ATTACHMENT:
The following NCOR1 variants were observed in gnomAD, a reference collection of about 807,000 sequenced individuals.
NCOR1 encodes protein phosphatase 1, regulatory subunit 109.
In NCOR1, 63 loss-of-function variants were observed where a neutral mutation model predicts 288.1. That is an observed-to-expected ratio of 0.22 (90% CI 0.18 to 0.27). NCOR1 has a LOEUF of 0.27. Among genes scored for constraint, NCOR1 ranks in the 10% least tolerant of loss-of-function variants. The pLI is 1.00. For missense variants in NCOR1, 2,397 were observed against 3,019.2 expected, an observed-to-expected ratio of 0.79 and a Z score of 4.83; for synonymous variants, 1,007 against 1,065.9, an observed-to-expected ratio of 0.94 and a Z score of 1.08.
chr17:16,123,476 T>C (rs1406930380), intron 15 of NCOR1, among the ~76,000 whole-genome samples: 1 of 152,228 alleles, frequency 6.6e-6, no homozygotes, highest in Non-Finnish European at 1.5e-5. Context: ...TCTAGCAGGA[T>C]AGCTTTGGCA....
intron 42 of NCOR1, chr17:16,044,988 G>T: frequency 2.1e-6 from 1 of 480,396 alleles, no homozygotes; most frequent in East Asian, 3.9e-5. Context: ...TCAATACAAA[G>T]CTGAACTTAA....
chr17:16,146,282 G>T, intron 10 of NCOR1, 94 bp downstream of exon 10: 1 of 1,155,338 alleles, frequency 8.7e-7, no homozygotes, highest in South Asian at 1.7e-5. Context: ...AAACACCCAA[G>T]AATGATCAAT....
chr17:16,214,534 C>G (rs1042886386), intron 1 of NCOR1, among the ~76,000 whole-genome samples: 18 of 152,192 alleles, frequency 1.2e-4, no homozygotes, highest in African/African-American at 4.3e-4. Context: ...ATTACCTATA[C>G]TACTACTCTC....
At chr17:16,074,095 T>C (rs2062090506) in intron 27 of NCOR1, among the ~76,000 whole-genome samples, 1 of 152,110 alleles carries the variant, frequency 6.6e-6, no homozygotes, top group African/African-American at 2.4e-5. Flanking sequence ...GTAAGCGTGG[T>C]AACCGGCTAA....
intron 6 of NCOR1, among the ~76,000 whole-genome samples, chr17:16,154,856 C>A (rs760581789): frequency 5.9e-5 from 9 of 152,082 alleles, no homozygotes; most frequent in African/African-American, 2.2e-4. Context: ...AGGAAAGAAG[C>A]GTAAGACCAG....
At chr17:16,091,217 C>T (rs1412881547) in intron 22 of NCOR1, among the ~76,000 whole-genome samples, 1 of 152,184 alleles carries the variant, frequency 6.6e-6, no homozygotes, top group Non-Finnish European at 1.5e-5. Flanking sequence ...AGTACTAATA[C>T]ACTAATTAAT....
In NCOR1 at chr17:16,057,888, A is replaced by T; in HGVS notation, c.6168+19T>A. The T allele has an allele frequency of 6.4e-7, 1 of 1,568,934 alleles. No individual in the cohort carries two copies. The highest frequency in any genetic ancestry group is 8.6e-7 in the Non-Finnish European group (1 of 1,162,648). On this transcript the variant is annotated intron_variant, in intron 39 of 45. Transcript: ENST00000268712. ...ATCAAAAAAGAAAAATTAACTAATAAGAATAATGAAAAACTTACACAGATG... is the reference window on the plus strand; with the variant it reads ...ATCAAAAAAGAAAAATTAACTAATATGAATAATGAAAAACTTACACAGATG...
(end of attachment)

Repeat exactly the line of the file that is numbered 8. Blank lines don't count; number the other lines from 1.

At chr17:16,074,095 T>C (rs2062090506) in intron 27 of NCOR1, among the ~76,000 whole-genome samples, 1 of 152,110 alleles carries the variant, frequency 6.6e-6, no homozygotes, top group African/African-American at 2.4e-5. Flanking sequence ...GTAAGCGTGG[T>C]AACCGGCTAA....